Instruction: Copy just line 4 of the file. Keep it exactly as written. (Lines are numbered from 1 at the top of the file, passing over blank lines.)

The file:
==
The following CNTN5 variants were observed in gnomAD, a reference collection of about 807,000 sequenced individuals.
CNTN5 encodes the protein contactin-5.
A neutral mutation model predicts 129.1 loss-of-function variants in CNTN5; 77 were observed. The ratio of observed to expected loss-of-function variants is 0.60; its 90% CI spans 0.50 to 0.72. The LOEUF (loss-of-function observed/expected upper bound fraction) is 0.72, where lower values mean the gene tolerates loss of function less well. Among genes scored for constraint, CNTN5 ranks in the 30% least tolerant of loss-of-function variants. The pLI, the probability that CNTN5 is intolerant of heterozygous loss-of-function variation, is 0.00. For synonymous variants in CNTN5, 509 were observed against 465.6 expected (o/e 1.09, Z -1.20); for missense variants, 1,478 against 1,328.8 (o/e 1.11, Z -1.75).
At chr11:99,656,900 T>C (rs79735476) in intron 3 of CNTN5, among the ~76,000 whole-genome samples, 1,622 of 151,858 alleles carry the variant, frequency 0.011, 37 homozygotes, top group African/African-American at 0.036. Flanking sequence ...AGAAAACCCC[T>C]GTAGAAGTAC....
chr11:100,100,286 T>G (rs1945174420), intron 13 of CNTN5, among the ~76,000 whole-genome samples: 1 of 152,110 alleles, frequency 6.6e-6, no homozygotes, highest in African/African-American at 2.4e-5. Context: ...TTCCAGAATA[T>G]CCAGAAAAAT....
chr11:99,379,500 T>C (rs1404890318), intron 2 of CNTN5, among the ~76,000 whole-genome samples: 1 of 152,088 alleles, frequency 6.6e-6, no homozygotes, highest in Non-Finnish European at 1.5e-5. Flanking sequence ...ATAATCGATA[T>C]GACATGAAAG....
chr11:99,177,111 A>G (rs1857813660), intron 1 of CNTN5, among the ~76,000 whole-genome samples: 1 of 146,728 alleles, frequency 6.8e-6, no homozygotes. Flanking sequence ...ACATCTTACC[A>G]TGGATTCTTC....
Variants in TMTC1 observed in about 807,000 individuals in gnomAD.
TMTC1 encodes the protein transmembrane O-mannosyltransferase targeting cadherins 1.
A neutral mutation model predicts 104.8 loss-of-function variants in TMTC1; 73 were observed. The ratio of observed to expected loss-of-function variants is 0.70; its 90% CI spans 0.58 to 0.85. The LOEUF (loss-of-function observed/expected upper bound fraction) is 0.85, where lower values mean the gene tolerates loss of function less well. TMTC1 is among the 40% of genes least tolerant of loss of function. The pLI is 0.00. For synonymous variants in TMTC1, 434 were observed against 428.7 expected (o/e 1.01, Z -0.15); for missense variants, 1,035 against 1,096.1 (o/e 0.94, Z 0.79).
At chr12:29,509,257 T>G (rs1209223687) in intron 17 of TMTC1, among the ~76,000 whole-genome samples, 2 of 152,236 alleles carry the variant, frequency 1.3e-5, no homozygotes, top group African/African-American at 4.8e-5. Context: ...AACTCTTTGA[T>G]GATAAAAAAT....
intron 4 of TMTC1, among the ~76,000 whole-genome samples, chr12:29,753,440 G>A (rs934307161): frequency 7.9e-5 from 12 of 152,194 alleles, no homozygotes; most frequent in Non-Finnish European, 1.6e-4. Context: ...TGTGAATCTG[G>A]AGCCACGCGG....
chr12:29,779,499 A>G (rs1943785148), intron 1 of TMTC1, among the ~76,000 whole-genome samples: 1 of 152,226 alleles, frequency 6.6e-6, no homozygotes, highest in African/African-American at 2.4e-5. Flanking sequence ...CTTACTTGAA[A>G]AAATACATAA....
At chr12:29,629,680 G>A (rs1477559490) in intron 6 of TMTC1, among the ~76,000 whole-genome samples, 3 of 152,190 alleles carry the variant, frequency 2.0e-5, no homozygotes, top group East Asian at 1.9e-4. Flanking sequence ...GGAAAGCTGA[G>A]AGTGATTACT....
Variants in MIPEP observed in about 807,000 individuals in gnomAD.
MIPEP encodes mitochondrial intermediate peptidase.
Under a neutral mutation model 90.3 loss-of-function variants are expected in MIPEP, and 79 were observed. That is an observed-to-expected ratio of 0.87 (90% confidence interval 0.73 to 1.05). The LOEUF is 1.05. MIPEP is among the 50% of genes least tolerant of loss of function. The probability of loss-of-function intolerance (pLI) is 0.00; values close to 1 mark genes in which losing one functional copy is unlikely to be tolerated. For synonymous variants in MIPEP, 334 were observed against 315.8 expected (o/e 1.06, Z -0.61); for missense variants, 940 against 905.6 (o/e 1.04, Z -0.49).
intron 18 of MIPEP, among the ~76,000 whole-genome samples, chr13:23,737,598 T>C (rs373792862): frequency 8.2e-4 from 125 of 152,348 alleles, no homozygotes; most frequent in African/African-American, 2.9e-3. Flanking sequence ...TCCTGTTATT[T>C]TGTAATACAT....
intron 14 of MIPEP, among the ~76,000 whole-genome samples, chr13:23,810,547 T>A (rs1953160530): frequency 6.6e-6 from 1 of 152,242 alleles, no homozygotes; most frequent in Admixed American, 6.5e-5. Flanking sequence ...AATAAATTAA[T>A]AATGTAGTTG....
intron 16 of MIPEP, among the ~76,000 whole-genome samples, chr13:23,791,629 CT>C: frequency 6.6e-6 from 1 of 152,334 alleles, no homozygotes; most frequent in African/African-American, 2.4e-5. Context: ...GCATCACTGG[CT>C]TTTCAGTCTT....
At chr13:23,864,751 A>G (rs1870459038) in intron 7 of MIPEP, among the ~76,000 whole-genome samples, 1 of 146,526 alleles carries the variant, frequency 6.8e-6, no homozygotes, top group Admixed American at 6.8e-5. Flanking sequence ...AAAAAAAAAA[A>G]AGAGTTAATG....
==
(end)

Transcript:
At chr11:99,656,900 T>C (rs79735476) in intron 3 of CNTN5, among the ~76,000 whole-genome samples, 1,622 of 151,858 alleles carry the variant, frequency 0.011, 37 homozygotes, top group African/African-American at 0.036. Flanking sequence ...AGAAAACCCC[T>C]GTAGAAGTAC....